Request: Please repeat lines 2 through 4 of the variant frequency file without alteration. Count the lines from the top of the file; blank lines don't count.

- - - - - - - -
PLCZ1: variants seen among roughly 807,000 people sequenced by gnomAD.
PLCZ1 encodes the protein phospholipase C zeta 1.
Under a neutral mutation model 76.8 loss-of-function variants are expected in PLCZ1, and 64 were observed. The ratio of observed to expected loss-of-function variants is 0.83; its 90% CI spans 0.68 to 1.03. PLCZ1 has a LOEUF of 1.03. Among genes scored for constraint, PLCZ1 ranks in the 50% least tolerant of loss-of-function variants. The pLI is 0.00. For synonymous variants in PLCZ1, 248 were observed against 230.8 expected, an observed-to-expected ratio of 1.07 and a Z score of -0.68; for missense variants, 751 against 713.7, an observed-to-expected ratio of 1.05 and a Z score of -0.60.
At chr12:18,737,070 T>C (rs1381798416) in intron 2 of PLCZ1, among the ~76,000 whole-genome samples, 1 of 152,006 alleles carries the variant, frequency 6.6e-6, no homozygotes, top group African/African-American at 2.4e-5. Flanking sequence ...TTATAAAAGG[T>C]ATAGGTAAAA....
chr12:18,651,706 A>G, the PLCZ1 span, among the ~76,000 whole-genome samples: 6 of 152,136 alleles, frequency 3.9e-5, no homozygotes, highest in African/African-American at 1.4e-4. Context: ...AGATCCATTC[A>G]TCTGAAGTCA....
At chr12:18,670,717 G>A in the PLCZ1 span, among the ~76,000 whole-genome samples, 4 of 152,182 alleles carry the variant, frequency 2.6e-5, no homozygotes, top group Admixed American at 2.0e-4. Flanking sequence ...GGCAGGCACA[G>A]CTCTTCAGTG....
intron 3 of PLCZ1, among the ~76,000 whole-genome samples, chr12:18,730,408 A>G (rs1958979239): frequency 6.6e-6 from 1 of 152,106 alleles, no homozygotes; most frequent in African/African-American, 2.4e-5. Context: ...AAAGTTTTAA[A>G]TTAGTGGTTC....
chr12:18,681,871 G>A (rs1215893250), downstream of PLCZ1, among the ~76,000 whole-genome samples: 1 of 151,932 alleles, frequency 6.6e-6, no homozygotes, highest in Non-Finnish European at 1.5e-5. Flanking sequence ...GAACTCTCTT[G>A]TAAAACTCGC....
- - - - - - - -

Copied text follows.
PLCZ1 encodes the protein phospholipase C zeta 1.
Under a neutral mutation model 76.8 loss-of-function variants are expected in PLCZ1, and 64 were observed. The ratio of observed to expected loss-of-function variants is 0.83; its 90% CI spans 0.68 to 1.03. PLCZ1 has a LOEUF of 1.03. Among genes scored for constraint, PLCZ1 ranks in the 50% least tolerant of loss-of-function variants. The pLI is 0.00. For synonymous variants in PLCZ1, 248 were observed against 230.8 expected, an observed-to-expected ratio of 1.07 and a Z score of -0.68; for missense variants, 751 against 713.7, an observed-to-expected ratio of 1.05 and a Z score of -0.60.
At chr12:18,737,070 T>C (rs1381798416) in intron 2 of PLCZ1, among the ~76,000 whole-genome samples, 1 of 152,006 alleles carries the variant, frequency 6.6e-6, no homozygotes, top group African/African-American at 2.4e-5. Flanking sequence ...TTATAAAAGG[T>C]ATAGGTAAAA....